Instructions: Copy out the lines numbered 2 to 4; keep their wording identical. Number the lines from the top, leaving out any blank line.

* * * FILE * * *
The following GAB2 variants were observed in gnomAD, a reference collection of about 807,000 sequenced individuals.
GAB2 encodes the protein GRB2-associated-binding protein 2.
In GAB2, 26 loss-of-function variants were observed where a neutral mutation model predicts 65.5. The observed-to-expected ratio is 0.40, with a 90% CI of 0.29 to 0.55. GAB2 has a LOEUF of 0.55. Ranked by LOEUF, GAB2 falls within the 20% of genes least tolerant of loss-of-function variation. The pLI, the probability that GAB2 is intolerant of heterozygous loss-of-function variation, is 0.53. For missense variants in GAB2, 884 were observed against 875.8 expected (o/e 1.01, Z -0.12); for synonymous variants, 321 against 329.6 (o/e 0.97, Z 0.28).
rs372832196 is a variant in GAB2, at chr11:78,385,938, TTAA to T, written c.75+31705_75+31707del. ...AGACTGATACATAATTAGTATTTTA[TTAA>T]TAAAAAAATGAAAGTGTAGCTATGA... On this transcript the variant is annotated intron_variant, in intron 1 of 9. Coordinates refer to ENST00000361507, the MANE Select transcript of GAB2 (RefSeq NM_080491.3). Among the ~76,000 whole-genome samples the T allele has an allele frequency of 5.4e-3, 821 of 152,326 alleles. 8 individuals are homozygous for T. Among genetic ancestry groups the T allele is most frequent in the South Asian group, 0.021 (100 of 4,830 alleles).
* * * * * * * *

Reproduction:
GAB2 encodes the protein GRB2-associated-binding protein 2.
In GAB2, 26 loss-of-function variants were observed where a neutral mutation model predicts 65.5. The observed-to-expected ratio is 0.40, with a 90% CI of 0.29 to 0.55. GAB2 has a LOEUF of 0.55. Ranked by LOEUF, GAB2 falls within the 20% of genes least tolerant of loss-of-function variation. The pLI, the probability that GAB2 is intolerant of heterozygous loss-of-function variation, is 0.53. For missense variants in GAB2, 884 were observed against 875.8 expected (o/e 1.01, Z -0.12); for synonymous variants, 321 against 329.6 (o/e 0.97, Z 0.28).
rs372832196 is a variant in GAB2, at chr11:78,385,938, TTAA to T, written c.75+31705_75+31707del. ...AGACTGATACATAATTAGTATTTTA[TTAA>T]TAAAAAAATGAAAGTGTAGCTATGA... On this transcript the variant is annotated intron_variant, in intron 1 of 9. Coordinates refer to ENST00000361507, the MANE Select transcript of GAB2 (RefSeq NM_080491.3). Among the ~76,000 whole-genome samples the T allele has an allele frequency of 5.4e-3, 821 of 152,326 alleles. 8 individuals are homozygous for T. Among genetic ancestry groups the T allele is most frequent in the South Asian group, 0.021 (100 of 4,830 alleles).